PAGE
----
Friday, August 7, 2009

Dragging an Ox Through Water - The Tropics of Phenomenon [Freedom to Spend]

Initially released last year as an LP on Awesome Vistas The Tropics of Phenomenon by Brian Mumford’s Dragging an Ox Through Water project has now been given the professional CD treatment by fellow Portlander Pete Swanson on his still relatively young Freedom to Spend label. That’s a lot of info to cram into the first sentence but don’t you now have that fantastic sense of being an informed consumer? Moving on; upon hearing such an unwieldy and weighty moniker as Dragging an Ox Through Water I was not expecting a pop album but that’s pretty much what The Tropics of Phenomenon is.
“I Would Understand” instantly reminds me of Microphones stuff from earlier in the decade, a soft voice and a nylon string guitar. The thing is though over the top of that simple arrangement there’s a nutty free guitar/electronics/percussion paste that’s spread on thickly enough to set the track off kilter but not enough to dampen any of the melodic elements. The late introduction of a warm organ completes the lightly elegiac mood. At a minute and a half, it works well as a sampling of things to come. The second track, “Snowbank Treatment” is an instant stand out. The voice/guitar element is still present but augmented by an essentially electro arrangement: a steady electronic kick, a fuzzy synth melody and a heavily modulated, lilting keyboard lead. It’s pretty difficult to pull off an electro/acoustic thing and Mumford does it unbelievably well. It’s more a superficial comparison than anything else but Dragging an Ox Through Water reminds me of The Magnetic Fields where the songwriter’s grasp of the song is so strong that he can assemble odd arrangements culled from a number of sources and consistently end up with a great pop song. Mumford’s work certainly veers onto weirder avenues than The Magnetic Fields though. The beginning of “A.) The Unbearable Dumbness of Being B.) Earthen Airlock” is some kind of plunderphonic pastiche before a grimly buzzing synth coats the track thickly until fading to a long bout of near silence that makes up the rest of the track. “Dice Smiles” is the probably most plaintive, traditional ballad of the bunch with strums backed by a small orchestra of oscillators. It’s a pretty beautiful and surprisingly delicate arrangement. Interestingly enough there’s a silent fifth track delineating the two “sides” of the CD attempting to retain the feel of an LP. “Predictions” turns a sparse, punctuated acoustic arrangement into something reminiscent of a mechanical free jazz band before Mumford’s voice returns attempting to be heard above the din. The most straightforwardly pretty song on here, “Houses and Homonculi,” turns whining electronics, pretty close to the kind of thing you’d hear on a harsh noise tape, into an emotive and even somber expression in the presence of such a lovely fingerpicked melody and multi-tracked vocals. “Lilacs Sprang from These Apes' Brains (Shut Down All U.S. Torture Facilities)” operates more like an interlude than a song, flute-like oscillators singing and electronic gizmos all a fluttering and sputtering before the title, accompanied by guitar, is sung. “Devil’s Prayer” has a sprightly keyboard diddy and a buoyant rhythm before getting swallowed up by a blackened synthesizer and, luckily, its spat out again cause it makes you feel so damn good. Finisher “Not Harping on Powers” seems to have a bit more dramatic weight, making it a good choice to end the record on. This is partially just because of the song itself but there’s this raging inferno of distortion kept at bay during the whole song but it constantly threatens to subsume everything around it.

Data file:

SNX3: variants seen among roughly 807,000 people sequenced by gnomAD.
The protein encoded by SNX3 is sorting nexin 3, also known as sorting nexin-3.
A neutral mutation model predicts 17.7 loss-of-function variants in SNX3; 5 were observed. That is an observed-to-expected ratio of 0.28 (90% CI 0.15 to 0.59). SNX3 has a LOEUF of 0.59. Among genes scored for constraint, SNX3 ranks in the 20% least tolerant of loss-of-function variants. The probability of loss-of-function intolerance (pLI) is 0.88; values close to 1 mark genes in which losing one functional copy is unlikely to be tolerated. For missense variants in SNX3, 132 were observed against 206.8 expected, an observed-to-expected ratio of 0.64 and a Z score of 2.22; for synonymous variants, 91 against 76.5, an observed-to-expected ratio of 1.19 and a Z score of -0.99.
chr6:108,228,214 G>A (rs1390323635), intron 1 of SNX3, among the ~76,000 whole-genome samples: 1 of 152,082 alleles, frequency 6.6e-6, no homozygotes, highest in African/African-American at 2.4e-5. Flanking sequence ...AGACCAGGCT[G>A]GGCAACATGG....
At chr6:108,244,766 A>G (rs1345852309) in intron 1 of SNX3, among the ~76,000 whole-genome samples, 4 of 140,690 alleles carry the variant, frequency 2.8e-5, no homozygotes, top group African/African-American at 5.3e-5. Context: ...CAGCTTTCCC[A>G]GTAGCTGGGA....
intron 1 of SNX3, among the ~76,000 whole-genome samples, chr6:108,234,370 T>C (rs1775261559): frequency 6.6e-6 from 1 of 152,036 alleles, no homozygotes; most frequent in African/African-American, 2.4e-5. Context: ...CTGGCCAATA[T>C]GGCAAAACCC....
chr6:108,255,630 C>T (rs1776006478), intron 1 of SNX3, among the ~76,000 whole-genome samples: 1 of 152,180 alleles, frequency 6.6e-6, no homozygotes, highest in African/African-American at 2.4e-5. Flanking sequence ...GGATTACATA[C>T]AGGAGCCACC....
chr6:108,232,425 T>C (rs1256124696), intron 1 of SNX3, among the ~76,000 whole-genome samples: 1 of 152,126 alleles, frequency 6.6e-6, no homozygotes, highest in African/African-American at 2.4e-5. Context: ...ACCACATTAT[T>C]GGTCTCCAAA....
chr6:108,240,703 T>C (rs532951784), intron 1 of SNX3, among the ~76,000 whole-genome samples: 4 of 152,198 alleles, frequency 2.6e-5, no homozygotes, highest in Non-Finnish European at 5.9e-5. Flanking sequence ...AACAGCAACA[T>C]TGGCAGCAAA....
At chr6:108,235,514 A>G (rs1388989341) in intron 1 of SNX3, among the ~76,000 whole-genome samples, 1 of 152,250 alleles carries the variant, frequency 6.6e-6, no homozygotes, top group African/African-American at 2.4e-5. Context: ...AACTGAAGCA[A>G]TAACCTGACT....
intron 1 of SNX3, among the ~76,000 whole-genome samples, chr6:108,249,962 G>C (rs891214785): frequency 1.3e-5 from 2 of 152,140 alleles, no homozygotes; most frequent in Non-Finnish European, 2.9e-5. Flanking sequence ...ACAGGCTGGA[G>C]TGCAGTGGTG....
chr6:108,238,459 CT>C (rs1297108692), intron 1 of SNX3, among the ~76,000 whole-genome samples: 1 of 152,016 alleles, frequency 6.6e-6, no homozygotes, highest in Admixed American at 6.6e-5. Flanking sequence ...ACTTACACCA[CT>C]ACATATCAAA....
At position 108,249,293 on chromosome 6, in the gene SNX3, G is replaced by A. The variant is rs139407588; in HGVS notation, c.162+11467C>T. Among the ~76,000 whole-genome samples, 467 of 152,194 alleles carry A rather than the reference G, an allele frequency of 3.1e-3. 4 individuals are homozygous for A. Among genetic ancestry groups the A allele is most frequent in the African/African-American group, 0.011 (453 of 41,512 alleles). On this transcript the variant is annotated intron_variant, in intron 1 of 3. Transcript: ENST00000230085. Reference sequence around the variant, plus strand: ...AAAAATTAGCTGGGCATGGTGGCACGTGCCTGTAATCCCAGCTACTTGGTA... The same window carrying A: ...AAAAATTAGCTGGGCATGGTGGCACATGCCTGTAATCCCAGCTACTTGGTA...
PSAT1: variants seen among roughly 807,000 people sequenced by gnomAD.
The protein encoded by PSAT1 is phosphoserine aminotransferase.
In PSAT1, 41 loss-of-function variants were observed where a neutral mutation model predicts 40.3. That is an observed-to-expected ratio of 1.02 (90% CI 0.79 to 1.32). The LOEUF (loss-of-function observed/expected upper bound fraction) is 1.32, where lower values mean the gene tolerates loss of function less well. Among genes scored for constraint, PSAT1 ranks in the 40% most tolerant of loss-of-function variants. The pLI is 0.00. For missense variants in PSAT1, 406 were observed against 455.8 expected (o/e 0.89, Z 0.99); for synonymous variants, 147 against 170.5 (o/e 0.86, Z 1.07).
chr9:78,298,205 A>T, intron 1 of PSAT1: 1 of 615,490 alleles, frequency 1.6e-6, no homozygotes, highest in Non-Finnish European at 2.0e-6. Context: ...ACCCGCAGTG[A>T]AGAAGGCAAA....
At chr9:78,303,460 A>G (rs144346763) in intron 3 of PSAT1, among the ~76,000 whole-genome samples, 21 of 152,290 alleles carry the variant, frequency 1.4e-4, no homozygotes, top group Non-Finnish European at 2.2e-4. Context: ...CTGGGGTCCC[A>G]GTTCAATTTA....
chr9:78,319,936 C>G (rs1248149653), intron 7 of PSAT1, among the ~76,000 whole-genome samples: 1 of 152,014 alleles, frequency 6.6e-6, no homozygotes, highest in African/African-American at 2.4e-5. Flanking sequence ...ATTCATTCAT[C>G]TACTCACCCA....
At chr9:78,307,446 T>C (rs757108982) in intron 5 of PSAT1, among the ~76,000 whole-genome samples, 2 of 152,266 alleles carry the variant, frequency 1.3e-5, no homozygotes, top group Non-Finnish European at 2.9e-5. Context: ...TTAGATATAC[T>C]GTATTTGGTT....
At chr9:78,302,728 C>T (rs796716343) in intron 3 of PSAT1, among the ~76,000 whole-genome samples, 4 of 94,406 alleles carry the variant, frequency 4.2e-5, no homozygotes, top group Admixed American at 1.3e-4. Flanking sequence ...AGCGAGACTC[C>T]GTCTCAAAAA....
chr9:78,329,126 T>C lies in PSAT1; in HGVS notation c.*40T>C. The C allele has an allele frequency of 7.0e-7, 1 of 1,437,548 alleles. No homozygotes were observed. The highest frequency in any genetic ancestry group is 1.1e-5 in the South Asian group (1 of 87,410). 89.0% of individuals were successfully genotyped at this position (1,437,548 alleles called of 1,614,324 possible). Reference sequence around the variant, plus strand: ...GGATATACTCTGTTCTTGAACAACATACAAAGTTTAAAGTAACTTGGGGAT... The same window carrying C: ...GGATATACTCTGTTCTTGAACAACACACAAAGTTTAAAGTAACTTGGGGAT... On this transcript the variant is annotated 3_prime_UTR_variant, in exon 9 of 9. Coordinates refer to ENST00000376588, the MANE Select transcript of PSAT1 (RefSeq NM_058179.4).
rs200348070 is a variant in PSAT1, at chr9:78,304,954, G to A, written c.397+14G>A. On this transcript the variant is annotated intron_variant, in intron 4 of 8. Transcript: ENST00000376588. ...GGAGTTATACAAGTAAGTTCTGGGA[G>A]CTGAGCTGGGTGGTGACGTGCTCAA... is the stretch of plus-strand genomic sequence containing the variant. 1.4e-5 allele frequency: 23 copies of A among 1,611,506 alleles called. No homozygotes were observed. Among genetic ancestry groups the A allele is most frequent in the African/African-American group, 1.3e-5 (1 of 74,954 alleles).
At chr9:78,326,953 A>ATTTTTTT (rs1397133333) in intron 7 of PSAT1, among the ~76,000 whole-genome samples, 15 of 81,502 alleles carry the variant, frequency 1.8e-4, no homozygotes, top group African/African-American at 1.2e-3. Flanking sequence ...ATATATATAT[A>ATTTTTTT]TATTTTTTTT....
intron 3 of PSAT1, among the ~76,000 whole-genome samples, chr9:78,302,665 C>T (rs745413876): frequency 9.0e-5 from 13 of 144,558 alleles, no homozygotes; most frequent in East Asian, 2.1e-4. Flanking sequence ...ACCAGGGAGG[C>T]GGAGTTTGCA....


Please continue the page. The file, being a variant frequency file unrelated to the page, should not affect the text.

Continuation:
This record is incredibly solid; not only are there no throwaways, but the whole album is pretty much all highpoints. Mumford has developed a consistently engaging sound for this album and has a pretty good knack for when it’s best to defy expectation and when it’s best to let the melody play out. Also it must be mentioned that the voice can really make or break a record like this and Mumford’s voice, whether it’s not much more than a whisper or when he really goes for it, is really pleasant to listen to. There’s a naturalness and warmth to his delivery which is integral to the success of the whole venture.
I’ve been sitting here for a while, listening to the record for the third time, trying to come up with a good way to wrap this all up but it ain’t happening so I’m just gonna say this: Mumford has made just a fucking great pop record, which is way too much of a rarity these days, and I’m enjoying it immensely.
Still available from Freedom to Spend.

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